A World Of Glamour, Power And Wealth—Review Of The Gilded Age Season Two



“This is America — you can be anything you want!”
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We are back to the Upper East Side of the 1880s in the second season of Julian Fellowes’ captivating American historical series, The Gilded Age. I've always admired Fellowes’ works and after watching the first season last year, I came to the conclusion that he possesses the superpower of captivating his audience into a historical world where the upper and lower classes intertwine, illuminating the intricacies of society.

The first season was engaging, focused on the real estate war where old money aristocrats clashed with new money, all vying for control over New York city. Many characters were introduced and a clear distinction was made between those ‘upstairs’ and those ‘downstairs’. The leads were the Russell family, van Rhijn-Brook family and Scott family. It ended with the successful hosting of the ball of the season by the Russell family.

This second season is better but doesn't happen immediately after the end of the first. I think a few years had passed by. This season shifts its focus to the opera war—a riveting fight between the Metropolitan and the Academy of Music—amidst other compelling dramas. All the characters from the first season returned with the addition of a few new characters. I love that we get a little taste of British in this American drama with the addition of the Duke of Buckingham portrayed by Ben Lamb to the storyline.

Themes of love, romance, a labour dispute, Black's emancipation and scam are addressed in this season. The grandiose event in this season is the construction and opening of the famous Brooklyn bridge in this season which is celebrated with funfair and fireworks, making it a racial symbol connecting the white and coloured people. In the first season, it was about the introduction of electricity and electrical lighting of a building.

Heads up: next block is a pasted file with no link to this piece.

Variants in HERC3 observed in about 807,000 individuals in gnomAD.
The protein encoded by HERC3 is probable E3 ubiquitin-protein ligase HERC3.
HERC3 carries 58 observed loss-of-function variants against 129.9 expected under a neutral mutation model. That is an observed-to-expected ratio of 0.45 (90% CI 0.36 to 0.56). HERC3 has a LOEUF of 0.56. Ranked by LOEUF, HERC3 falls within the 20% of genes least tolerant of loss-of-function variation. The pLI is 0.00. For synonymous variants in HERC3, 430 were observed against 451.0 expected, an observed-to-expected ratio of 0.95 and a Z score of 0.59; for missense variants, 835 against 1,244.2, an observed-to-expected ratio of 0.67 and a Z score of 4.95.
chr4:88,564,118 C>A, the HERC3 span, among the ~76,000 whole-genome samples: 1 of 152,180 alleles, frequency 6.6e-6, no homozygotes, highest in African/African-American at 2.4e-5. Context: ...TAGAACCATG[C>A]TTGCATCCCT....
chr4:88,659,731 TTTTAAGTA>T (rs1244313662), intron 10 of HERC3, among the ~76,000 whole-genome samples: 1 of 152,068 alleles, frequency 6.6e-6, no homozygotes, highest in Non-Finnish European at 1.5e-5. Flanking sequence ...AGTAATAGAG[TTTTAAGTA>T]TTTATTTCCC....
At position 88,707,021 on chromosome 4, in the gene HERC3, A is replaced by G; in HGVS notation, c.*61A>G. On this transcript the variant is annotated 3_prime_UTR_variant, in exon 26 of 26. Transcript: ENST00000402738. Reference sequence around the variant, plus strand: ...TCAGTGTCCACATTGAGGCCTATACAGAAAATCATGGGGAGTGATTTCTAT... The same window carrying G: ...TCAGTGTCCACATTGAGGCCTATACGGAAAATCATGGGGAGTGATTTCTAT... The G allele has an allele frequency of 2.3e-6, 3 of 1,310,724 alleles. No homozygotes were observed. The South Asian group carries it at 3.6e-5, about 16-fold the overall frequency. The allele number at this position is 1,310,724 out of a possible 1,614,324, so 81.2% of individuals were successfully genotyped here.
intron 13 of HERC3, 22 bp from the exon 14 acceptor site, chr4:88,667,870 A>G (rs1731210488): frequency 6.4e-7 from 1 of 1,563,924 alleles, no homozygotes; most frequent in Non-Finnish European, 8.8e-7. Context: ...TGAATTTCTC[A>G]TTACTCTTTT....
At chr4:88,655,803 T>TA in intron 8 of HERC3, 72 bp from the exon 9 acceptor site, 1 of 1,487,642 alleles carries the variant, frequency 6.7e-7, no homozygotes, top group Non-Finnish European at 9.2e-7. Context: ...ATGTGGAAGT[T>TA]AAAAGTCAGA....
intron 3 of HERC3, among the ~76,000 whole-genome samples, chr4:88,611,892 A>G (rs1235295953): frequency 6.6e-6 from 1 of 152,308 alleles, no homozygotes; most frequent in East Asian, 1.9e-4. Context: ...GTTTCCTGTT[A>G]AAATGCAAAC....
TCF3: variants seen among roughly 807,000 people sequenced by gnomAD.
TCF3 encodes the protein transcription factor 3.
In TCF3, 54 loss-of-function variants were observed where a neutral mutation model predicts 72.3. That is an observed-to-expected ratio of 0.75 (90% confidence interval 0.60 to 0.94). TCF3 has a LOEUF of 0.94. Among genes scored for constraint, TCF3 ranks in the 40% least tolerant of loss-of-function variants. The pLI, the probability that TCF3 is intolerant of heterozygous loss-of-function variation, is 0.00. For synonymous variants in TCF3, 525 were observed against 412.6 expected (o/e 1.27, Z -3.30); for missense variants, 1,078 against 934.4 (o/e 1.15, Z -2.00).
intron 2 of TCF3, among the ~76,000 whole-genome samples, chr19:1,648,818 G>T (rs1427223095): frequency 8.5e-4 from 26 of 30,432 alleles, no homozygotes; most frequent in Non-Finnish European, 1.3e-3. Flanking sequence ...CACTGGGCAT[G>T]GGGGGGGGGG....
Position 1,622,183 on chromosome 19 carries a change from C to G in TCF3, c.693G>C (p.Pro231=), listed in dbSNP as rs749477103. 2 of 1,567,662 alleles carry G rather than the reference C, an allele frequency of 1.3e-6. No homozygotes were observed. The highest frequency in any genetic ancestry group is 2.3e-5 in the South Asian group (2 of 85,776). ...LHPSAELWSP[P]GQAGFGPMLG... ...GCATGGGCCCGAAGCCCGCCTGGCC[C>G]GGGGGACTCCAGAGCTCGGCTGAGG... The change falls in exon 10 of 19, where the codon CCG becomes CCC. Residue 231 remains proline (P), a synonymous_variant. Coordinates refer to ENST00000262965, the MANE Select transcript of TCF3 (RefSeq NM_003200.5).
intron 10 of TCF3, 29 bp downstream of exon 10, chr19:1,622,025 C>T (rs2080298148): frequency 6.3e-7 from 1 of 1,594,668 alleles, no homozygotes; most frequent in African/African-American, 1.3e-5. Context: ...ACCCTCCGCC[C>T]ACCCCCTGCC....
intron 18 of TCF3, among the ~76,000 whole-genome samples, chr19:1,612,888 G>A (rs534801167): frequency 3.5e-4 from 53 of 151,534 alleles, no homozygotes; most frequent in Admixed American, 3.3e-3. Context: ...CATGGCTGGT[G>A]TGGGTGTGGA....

The cast's performance is impressive as always. Carrie Coon and Morgan Spector are the ruthlessly ambitious, power couple whose presence in the politics and control of New York makes them admirable. Their morality and decisions should be called into question but I couldn't help rooting for them. Obstacles to their social climbing surfaces in almost every episode but I breathed easier knowing Fellowes’ will make them come out on top.

Christine Baranski as the dowager Agnes van Rhijn is even more prickly in this season than the last and her witty remarks are as sharp as darts. You'll be smart to stay out of her way. Thankfully, Cynthia Nixon's role gets more interesting in this season. She's becoming bold and no longer the amenable sister.

I enjoyed the growth of Louisa Jacobson's character from a shy lady to a matured one who dared to stand up to dowager Agnes van Rhijn. Of course, she wasn't exempted from matchmaking gimmicks and romantic overtures. Peggy Scott who plays Denée Benton, the coloured reporter and secretary of Agnes van Rhijn, had more adventures in this season than the last. This involves issues of racial violence and her goal to encourage the young ones to look towards a bright future.

The cinematography and costume are outstanding as always, delighting the audience with much glamour, fashion and awe.

Overall, the second season of The Gilded Age is spellbinding, relaxing and captivating. I enjoyed watching it and very much looking forward to the third season. Let's hope Julian Fellowes’ works continue to resonate and enchant his audience. I'll rate this season 4 stars out of 5. If you enjoy historical dramas, you'll love this one.

Thank you for visiting my blog.

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Check out my previous series reviews:
An Outstanding Historical Drama—Review Of The Gilded Age (2022)
Another Riveting Historical Series — Review Of Julian Fellowes' Belgravia (2020)
Power Play and Legacy || Review Of Thriller Series - Criminal Record (2024)

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Other images are screenshots from the series

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